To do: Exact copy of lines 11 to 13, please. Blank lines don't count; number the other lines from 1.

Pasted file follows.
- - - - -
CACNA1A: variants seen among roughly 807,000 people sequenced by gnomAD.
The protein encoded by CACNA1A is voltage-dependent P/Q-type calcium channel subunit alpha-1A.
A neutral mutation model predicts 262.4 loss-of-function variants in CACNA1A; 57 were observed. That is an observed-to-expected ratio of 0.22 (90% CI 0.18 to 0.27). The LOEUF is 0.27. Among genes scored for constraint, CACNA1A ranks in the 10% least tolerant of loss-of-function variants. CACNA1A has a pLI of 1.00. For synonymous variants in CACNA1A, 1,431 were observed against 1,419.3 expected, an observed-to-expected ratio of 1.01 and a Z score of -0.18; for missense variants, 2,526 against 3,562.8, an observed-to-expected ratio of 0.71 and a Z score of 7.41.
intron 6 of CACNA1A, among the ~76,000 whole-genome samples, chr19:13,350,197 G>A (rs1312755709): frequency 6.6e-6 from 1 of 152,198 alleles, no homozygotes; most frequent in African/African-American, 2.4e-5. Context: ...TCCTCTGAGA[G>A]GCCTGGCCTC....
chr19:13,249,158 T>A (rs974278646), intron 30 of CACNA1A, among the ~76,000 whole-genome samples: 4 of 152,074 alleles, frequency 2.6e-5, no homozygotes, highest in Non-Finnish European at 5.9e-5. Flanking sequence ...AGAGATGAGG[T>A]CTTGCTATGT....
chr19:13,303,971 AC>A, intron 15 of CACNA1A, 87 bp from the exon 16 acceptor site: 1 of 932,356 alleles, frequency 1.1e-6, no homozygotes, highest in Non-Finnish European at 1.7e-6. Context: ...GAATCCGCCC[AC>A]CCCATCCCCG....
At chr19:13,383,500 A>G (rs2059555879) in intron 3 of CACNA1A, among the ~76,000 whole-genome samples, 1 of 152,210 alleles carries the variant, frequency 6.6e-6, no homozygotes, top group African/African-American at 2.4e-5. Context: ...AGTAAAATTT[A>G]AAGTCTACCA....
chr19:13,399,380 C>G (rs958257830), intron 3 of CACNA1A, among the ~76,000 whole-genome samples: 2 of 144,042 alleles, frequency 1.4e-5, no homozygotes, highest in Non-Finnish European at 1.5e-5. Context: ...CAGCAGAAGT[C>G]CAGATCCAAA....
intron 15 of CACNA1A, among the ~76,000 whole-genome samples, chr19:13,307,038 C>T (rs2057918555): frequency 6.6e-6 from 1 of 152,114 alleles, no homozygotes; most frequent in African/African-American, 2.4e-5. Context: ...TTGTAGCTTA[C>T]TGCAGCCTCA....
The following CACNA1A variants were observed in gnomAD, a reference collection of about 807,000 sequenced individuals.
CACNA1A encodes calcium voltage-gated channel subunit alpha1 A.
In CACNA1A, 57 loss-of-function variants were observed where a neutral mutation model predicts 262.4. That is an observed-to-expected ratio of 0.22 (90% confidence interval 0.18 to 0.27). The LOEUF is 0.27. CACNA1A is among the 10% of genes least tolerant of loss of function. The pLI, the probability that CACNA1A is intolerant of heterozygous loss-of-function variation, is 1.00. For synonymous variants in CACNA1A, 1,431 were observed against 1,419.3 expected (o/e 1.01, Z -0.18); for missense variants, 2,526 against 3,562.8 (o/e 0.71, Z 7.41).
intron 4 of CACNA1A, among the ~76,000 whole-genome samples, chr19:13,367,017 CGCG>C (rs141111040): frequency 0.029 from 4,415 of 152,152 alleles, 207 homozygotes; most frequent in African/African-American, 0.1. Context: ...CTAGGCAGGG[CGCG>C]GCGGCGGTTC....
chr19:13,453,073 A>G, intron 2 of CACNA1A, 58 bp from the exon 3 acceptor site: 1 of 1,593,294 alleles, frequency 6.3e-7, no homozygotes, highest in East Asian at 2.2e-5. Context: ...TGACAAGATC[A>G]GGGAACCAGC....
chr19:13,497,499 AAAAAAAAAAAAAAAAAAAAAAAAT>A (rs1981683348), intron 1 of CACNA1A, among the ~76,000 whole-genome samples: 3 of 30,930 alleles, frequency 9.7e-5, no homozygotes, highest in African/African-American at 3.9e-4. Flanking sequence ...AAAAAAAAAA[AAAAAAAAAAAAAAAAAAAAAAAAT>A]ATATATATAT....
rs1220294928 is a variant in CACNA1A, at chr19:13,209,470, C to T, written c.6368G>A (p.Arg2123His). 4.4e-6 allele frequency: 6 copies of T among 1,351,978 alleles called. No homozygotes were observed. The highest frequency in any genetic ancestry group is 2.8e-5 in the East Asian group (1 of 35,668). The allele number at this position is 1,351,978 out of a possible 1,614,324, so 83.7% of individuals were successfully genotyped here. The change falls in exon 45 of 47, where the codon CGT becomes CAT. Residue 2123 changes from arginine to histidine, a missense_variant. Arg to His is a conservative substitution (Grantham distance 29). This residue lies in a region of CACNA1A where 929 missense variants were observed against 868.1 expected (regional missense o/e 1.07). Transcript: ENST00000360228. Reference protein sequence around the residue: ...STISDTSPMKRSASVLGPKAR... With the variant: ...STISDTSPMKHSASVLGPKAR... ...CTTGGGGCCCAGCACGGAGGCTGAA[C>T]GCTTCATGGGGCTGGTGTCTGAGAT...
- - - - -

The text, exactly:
CACNA1A encodes calcium voltage-gated channel subunit alpha1 A.
In CACNA1A, 57 loss-of-function variants were observed where a neutral mutation model predicts 262.4. That is an observed-to-expected ratio of 0.22 (90% confidence interval 0.18 to 0.27). The LOEUF is 0.27. CACNA1A is among the 10% of genes least tolerant of loss of function. The pLI, the probability that CACNA1A is intolerant of heterozygous loss-of-function variation, is 1.00. For synonymous variants in CACNA1A, 1,431 were observed against 1,419.3 expected (o/e 1.01, Z -0.18); for missense variants, 2,526 against 3,562.8 (o/e 0.71, Z 7.41).
intron 4 of CACNA1A, among the ~76,000 whole-genome samples, chr19:13,367,017 CGCG>C (rs141111040): frequency 0.029 from 4,415 of 152,152 alleles, 207 homozygotes; most frequent in African/African-American, 0.1. Context: ...CTAGGCAGGG[CGCG>C]GCGGCGGTTC....